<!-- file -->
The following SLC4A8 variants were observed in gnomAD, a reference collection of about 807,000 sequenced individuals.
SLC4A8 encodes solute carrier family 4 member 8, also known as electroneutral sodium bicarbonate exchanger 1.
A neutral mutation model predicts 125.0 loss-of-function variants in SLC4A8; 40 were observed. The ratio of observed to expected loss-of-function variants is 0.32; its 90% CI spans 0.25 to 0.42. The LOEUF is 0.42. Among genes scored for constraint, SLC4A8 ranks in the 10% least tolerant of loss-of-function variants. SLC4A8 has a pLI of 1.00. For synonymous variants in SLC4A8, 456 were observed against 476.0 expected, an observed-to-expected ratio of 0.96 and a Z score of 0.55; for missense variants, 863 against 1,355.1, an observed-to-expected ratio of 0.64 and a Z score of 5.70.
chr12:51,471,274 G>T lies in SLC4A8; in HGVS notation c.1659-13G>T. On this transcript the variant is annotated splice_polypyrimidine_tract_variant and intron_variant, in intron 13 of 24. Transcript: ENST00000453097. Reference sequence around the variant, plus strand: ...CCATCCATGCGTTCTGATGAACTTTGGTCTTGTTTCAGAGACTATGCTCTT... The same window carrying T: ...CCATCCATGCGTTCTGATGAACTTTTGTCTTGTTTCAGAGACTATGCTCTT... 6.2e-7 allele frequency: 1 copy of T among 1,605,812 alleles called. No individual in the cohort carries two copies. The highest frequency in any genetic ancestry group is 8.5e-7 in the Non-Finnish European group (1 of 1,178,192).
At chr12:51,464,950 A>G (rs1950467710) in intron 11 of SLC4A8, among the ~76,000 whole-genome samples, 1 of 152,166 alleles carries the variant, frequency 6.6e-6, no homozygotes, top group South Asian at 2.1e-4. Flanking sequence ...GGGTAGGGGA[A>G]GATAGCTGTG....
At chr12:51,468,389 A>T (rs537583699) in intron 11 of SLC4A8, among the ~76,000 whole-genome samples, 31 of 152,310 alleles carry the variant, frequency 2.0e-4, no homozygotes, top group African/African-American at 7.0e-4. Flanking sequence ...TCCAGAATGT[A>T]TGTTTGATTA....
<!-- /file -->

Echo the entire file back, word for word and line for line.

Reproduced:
The following SLC4A8 variants were observed in gnomAD, a reference collection of about 807,000 sequenced individuals.
SLC4A8 encodes solute carrier family 4 member 8, also known as electroneutral sodium bicarbonate exchanger 1.
A neutral mutation model predicts 125.0 loss-of-function variants in SLC4A8; 40 were observed. The ratio of observed to expected loss-of-function variants is 0.32; its 90% CI spans 0.25 to 0.42. The LOEUF is 0.42. Among genes scored for constraint, SLC4A8 ranks in the 10% least tolerant of loss-of-function variants. SLC4A8 has a pLI of 1.00. For synonymous variants in SLC4A8, 456 were observed against 476.0 expected, an observed-to-expected ratio of 0.96 and a Z score of 0.55; for missense variants, 863 against 1,355.1, an observed-to-expected ratio of 0.64 and a Z score of 5.70.
chr12:51,471,274 G>T lies in SLC4A8; in HGVS notation c.1659-13G>T. On this transcript the variant is annotated splice_polypyrimidine_tract_variant and intron_variant, in intron 13 of 24. Transcript: ENST00000453097. Reference sequence around the variant, plus strand: ...CCATCCATGCGTTCTGATGAACTTTGGTCTTGTTTCAGAGACTATGCTCTT... The same window carrying T: ...CCATCCATGCGTTCTGATGAACTTTTGTCTTGTTTCAGAGACTATGCTCTT... 6.2e-7 allele frequency: 1 copy of T among 1,605,812 alleles called. No individual in the cohort carries two copies. The highest frequency in any genetic ancestry group is 8.5e-7 in the Non-Finnish European group (1 of 1,178,192).
At chr12:51,464,950 A>G (rs1950467710) in intron 11 of SLC4A8, among the ~76,000 whole-genome samples, 1 of 152,166 alleles carries the variant, frequency 6.6e-6, no homozygotes, top group South Asian at 2.1e-4. Flanking sequence ...GGGTAGGGGA[A>G]GATAGCTGTG....
At chr12:51,468,389 A>T (rs537583699) in intron 11 of SLC4A8, among the ~76,000 whole-genome samples, 31 of 152,310 alleles carry the variant, frequency 2.0e-4, no homozygotes, top group African/African-American at 7.0e-4. Flanking sequence ...TCCAGAATGT[A>T]TGTTTGATTA....